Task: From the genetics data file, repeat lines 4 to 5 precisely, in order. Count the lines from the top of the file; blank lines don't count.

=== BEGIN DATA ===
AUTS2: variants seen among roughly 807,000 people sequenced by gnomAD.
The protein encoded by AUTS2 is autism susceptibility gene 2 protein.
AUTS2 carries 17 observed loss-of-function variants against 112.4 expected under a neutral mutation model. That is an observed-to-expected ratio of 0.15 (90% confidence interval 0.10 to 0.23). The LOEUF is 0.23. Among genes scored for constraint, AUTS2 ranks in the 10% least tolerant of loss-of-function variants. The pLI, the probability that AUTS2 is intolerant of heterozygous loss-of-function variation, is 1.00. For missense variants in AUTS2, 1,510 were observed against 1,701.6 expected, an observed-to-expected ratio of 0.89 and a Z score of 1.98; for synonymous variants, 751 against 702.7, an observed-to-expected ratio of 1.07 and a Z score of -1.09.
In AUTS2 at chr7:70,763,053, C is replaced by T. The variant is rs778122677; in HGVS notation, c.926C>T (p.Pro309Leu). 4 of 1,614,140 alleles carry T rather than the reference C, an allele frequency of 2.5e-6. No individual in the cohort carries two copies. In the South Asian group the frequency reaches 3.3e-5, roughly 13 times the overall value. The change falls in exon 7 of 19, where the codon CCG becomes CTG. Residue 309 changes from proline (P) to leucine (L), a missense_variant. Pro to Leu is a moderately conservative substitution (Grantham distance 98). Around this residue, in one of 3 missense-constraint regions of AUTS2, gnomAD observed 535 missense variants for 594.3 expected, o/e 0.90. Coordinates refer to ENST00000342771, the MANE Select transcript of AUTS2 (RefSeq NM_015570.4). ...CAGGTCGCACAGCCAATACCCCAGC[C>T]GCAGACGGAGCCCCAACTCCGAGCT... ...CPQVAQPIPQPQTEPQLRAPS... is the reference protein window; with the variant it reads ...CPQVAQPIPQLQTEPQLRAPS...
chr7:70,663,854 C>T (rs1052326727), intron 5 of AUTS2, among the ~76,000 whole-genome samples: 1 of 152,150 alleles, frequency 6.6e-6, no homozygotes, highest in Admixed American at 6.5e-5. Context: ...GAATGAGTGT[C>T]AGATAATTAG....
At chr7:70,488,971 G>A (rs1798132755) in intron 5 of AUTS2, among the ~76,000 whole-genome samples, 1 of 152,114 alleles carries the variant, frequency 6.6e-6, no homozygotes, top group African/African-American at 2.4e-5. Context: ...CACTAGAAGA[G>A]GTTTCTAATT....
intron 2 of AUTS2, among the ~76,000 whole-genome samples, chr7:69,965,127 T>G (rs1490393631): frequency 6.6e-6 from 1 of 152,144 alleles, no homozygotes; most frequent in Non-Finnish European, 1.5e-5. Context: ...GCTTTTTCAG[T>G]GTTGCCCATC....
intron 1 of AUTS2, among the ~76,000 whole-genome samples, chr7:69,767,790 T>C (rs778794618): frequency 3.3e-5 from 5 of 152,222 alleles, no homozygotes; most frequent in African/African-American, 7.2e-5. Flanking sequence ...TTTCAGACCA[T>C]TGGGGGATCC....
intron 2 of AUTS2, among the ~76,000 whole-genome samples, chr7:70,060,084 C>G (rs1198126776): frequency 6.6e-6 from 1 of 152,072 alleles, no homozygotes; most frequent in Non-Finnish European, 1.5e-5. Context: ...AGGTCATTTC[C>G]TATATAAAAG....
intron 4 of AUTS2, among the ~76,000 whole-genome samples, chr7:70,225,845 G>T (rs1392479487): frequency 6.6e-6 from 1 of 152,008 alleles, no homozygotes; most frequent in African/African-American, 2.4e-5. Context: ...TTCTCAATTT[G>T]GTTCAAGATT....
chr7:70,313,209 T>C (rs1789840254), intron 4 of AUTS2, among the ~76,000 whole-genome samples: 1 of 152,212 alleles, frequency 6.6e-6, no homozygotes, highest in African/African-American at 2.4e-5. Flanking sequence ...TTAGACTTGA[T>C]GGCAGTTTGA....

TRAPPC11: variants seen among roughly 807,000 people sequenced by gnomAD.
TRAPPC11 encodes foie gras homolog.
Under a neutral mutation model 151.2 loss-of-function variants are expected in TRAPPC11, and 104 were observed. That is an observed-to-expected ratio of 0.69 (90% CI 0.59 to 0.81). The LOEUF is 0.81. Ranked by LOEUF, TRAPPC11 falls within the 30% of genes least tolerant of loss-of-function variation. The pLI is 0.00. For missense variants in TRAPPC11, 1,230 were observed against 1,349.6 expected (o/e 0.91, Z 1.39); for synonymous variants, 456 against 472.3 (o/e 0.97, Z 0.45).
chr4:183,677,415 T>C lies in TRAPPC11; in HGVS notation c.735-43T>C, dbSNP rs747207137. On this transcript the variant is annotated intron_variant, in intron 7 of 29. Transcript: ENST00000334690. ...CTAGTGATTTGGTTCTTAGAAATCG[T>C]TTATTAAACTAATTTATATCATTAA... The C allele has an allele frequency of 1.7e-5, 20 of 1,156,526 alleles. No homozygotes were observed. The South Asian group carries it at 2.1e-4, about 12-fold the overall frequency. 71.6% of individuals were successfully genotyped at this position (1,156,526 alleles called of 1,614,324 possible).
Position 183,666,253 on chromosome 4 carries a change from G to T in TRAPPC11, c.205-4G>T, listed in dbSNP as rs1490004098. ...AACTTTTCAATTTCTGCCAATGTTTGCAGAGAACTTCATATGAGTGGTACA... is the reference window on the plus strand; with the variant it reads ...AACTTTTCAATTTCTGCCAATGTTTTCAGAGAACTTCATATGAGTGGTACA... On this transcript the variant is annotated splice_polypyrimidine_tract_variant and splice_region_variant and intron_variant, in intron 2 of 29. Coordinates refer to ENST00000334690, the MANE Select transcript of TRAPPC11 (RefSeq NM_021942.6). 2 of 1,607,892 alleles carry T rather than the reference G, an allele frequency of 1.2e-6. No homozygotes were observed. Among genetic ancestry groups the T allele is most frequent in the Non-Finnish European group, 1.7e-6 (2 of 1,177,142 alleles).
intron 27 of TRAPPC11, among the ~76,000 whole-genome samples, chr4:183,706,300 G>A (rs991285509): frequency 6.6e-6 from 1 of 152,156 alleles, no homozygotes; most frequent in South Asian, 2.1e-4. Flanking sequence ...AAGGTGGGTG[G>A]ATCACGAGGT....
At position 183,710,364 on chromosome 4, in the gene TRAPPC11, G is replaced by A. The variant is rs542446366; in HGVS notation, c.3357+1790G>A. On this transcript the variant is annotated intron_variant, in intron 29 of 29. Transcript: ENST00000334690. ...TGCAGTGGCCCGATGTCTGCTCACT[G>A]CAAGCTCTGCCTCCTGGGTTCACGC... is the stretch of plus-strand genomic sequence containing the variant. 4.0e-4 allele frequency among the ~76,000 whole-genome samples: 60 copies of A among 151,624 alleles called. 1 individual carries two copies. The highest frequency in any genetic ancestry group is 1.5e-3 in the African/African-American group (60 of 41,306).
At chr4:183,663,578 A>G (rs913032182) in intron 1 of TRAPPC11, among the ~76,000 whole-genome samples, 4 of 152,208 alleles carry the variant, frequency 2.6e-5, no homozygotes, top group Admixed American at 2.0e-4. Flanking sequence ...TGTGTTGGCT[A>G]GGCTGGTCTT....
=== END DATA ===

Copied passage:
In AUTS2 at chr7:70,763,053, C is replaced by T. The variant is rs778122677; in HGVS notation, c.926C>T (p.Pro309Leu). 4 of 1,614,140 alleles carry T rather than the reference C, an allele frequency of 2.5e-6. No individual in the cohort carries two copies. In the South Asian group the frequency reaches 3.3e-5, roughly 13 times the overall value. The change falls in exon 7 of 19, where the codon CCG becomes CTG. Residue 309 changes from proline (P) to leucine (L), a missense_variant. Pro to Leu is a moderately conservative substitution (Grantham distance 98). Around this residue, in one of 3 missense-constraint regions of AUTS2, gnomAD observed 535 missense variants for 594.3 expected, o/e 0.90. Coordinates refer to ENST00000342771, the MANE Select transcript of AUTS2 (RefSeq NM_015570.4). ...CAGGTCGCACAGCCAATACCCCAGC[C>T]GCAGACGGAGCCCCAACTCCGAGCT... ...CPQVAQPIPQPQTEPQLRAPS... is the reference protein window; with the variant it reads ...CPQVAQPIPQLQTEPQLRAPS...
chr7:70,663,854 C>T (rs1052326727), intron 5 of AUTS2, among the ~76,000 whole-genome samples: 1 of 152,150 alleles, frequency 6.6e-6, no homozygotes, highest in Admixed American at 6.5e-5. Context: ...GAATGAGTGT[C>T]AGATAATTAG....